- Hello Ruby – Hello Ruby is the world’s most whimsical way to learn about computers, technology and programming. The story started with a book, and now Ruby continues her adventures in exercises, activities and videos. It’s suited for kids age 5 years and older (but even adults might learn something new)
- Public libraries – many public libraries have digital books you can rent for free on their websites, along with other resources
- Stick Figure Art YouTube channel
- 450 Ivy League courses you can take online right now for free
- Met to launch “Nightly Met Opera Streams” – A free series of encore Live in HD presentations streamed on the company website during the coronavirus closure
- Emotional ABCs – We teach children ages 4-11 how to figure out WHAT they are feeling, WHY they are having that emotion, and HOW to make better choices
- TED-Ed Video Playlist – Sorted by categories
- Virtual Field Trips – Over 30 virtual field trips with links
- Lunch Doodles with Mo Willems
- Educational YouTube channels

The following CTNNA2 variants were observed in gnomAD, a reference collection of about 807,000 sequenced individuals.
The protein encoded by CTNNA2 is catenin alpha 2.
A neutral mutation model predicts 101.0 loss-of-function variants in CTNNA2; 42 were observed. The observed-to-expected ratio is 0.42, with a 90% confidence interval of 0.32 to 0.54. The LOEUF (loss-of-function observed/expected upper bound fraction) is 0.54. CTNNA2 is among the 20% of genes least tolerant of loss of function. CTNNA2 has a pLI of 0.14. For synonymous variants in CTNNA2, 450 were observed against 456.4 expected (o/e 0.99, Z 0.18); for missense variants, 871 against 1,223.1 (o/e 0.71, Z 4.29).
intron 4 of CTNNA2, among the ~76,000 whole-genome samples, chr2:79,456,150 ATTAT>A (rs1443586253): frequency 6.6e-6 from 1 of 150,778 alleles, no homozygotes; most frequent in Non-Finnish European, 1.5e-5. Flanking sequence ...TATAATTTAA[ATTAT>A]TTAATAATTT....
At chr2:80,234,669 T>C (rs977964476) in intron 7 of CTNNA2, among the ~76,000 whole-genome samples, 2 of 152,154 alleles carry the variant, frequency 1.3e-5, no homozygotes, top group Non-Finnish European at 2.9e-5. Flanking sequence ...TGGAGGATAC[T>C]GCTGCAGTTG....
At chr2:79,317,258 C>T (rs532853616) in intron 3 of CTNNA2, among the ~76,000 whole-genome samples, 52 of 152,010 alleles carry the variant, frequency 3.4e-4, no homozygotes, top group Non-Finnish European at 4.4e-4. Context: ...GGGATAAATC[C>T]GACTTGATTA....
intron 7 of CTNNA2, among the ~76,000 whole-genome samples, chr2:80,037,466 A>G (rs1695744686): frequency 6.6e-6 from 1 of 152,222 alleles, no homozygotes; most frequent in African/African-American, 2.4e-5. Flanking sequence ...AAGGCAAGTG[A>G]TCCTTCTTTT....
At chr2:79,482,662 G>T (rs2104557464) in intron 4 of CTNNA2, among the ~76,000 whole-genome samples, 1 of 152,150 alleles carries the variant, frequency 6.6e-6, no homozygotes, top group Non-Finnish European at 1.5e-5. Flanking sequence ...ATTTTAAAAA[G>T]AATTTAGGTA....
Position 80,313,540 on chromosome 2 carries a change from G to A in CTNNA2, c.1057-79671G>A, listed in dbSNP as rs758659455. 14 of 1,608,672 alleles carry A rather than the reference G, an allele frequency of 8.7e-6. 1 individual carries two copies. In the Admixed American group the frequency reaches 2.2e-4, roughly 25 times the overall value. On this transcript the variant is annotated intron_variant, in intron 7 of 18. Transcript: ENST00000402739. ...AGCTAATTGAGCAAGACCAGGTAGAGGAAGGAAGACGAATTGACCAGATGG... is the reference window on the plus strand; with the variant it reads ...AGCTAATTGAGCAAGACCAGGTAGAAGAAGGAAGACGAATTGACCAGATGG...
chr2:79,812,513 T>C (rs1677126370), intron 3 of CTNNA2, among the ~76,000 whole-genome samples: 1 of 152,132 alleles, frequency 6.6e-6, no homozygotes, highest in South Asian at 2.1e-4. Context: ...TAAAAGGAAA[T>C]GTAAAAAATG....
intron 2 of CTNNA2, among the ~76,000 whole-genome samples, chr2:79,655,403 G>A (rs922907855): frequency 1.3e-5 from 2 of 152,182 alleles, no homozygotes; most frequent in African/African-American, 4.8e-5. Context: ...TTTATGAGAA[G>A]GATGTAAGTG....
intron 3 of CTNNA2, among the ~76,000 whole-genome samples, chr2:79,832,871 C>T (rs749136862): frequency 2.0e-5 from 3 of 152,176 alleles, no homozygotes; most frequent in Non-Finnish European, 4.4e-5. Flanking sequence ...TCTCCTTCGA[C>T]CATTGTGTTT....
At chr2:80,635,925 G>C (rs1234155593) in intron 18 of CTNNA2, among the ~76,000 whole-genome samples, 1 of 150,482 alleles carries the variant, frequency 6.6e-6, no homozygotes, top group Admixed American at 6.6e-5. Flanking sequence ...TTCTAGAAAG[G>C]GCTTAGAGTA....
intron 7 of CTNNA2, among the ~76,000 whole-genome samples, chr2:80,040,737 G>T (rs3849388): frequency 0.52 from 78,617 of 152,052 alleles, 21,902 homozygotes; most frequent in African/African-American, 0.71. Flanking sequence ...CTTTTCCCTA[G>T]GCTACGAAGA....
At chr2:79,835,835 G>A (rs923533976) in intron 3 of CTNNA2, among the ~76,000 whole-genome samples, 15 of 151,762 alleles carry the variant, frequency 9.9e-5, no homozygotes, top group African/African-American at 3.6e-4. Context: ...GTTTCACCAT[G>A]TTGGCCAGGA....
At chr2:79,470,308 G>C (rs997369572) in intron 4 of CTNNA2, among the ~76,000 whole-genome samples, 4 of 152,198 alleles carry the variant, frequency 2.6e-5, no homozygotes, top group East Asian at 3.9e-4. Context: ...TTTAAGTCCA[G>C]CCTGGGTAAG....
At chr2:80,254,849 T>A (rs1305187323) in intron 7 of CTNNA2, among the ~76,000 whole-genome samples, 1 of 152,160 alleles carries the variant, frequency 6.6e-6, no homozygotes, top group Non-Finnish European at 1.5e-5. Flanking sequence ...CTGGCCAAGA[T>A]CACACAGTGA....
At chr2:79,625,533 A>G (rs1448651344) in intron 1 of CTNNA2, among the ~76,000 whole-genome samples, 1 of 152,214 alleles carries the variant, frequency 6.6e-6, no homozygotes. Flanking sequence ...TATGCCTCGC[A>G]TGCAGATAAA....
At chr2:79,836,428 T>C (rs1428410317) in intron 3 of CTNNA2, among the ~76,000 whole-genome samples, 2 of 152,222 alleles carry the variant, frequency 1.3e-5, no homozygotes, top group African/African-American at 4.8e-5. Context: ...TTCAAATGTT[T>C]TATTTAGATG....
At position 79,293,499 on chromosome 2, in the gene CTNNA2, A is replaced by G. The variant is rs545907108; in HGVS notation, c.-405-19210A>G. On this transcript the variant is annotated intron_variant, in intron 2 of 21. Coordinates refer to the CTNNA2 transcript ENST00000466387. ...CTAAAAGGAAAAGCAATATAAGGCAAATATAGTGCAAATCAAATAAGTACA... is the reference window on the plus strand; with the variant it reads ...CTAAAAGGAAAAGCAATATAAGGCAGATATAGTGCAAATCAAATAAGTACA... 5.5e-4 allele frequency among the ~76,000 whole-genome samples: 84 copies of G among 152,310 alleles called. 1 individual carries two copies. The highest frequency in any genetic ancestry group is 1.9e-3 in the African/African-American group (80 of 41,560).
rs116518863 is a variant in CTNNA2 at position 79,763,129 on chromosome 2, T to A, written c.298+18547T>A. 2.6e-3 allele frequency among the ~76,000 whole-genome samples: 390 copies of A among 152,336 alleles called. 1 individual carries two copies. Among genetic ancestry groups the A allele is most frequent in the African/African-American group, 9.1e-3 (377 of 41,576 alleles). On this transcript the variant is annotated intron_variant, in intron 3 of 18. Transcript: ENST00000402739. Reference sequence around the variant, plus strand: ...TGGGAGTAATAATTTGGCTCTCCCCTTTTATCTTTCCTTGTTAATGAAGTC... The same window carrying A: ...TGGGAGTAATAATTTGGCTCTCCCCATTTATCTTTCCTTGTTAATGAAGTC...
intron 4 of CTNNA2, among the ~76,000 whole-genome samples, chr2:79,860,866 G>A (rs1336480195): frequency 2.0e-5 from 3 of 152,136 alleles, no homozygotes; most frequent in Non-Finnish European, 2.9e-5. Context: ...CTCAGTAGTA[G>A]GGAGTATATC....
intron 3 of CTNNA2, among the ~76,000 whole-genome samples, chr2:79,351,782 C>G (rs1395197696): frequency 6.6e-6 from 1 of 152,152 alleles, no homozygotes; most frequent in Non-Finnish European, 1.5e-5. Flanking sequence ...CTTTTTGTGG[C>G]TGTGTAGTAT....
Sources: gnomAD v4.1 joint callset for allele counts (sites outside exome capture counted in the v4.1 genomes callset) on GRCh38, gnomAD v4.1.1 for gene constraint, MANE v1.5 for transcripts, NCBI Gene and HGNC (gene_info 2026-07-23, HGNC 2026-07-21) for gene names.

- Unite for Literacy – free online audiobooks
- Cincinnati Zoo is Bringing the Zoo to You!
- 100 things to do while stuck inside due to a pandemic
- Story time from space
- 11 Amazing Places Around New York That You Can Virtually Travel To Without Ever Leaving Your Home
- Discover 10 Parks & Preserves in Albany County – Are you social distancing but want to get out of the house? If you are healthy, explore one of the parks or preserves in Albany County! Governor Cuomo announced that NYS will waive all park fees as of March 16, 2020
- Podcasts for Kids
- Calendar/list of live streams to watch
- Netflix Party Chrome extension – a Chrome extension for watching Netflix remotely with friends
- 15 Broadway Plays and Musicals You Can Watch On Stage From Home
- 20 Virtual Field Trips
- Entertainment for a Quarantine
- Math card games
- Library of Congress digital collections
- NASA has made their entire media library – images, sounds, and video – public
- Mix.com – formerly stumbleupon, Mix is a social content curation site that allows you to collect articles, and content about specific interests or topics that you like. When you curate and add to your collections, your content is shared with friends and made discoverable to others on Mix who share similar interests.